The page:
Local library makes available glasses for people color blind

Published 4:45 pm Friday, September 22, 2023

BY ROZELLA HARDIN
Editorial Director
rozella.hardin@elizabethton.com
The Elizabethton-Carter County Public Library is one of four libraries in the state to make available glasses for those who are color blind. A group called EnChroma has provided the glasses to the library. And, hopefully in the near future the glasses will be available at all Tennessee public libraries as a part of a statewide initiative.
Thursday afternoon, three persons – a nine-year-old boy and two adults – were among the first to try the glasses for red-green color blindness.
One of the three was Derek Franklin, nine years old, who lives locally and is home-schooled. Derek’s parents are Charlie and Cassie Franklin, who watched as their son tried on the glasses and immediately began to explore the surroundings outside the library on E Street. He was amazed to see the green grass and leaves on the tree outside the library. “Everything is green – the grass and trees,” he said.
Cassie Franklin said her son up until this year attended public schools. “The other kids made fun of him because he couldn’t distinguish colors. For example, he would color a pumpkin red rather than orange because he couldn’t distinguish between the colors. It was also an emotional experience for the family as this is something Derek has dealt with his entire life,” she said.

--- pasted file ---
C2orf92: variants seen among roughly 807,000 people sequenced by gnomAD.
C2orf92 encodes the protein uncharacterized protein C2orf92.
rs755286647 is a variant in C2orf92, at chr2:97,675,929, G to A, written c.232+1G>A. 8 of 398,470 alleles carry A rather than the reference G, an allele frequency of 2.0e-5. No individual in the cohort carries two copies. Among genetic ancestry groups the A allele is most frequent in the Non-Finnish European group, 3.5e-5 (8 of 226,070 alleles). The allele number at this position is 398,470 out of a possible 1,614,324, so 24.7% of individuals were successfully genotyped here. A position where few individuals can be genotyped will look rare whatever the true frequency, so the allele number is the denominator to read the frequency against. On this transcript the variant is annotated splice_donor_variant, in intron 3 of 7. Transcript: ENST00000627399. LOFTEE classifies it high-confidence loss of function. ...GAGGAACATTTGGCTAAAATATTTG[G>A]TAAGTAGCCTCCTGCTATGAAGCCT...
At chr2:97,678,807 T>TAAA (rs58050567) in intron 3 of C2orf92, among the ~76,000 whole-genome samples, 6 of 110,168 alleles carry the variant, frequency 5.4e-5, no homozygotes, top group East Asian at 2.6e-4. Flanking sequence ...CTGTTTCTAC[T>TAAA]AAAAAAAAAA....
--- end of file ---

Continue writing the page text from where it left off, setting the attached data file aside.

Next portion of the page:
“This is really going to change things for him.”
Also receiving the glasses were Joe Penza, archivist at the local library, and Adam Collins of Watauga, formerly of Stoney Creek who is a supervisor at the A.G. Smith Plant (American Water Heater) in Johnson City. Collins received glasses that he can wear over his prescription lens glasses, and was excited to receive them Thursday since he was leaving Friday for a trip to Hawaii.
“It’s amazing. It’s incredible to see what I’ve been missing for 35 years,” added Collins.
Penza said the glasses make things more detailed, sharper. “Easter has always been the roughest part of the year for me, because I don’t see pastel colors…for pink, I see white, and for blue, I see black. When I was in school, I would color apples orange and pumpkins red.”
All three of the recipients will get to keep their glasses permanently.
Becca Dugger, cataloger at the Elizabethton-Carter County Public Library, said that according to the National Eye Institute, one in every 12 men experience some form of color blindness.
Dugger said the library will have four pairs of the glasses that can be checked out, and will be shared with other libraries in the region. The glasses will rotate to the Johnson City library next. To check out the glasses for a period of four weeks, patrons must have a library card.
“It’s very exciting for me to be able to give this gift of color to people in our community, and that we are among the first to have the glasses is even more exciting,” said Dugger.
She noted that ETSU purchased and donated the EnChroma glasses for red-green color blindness to the Tennessee State Library and Archive for color vision deficient members of the public to borrow through the nine regional libraries that support the state’s 186 public libraries.

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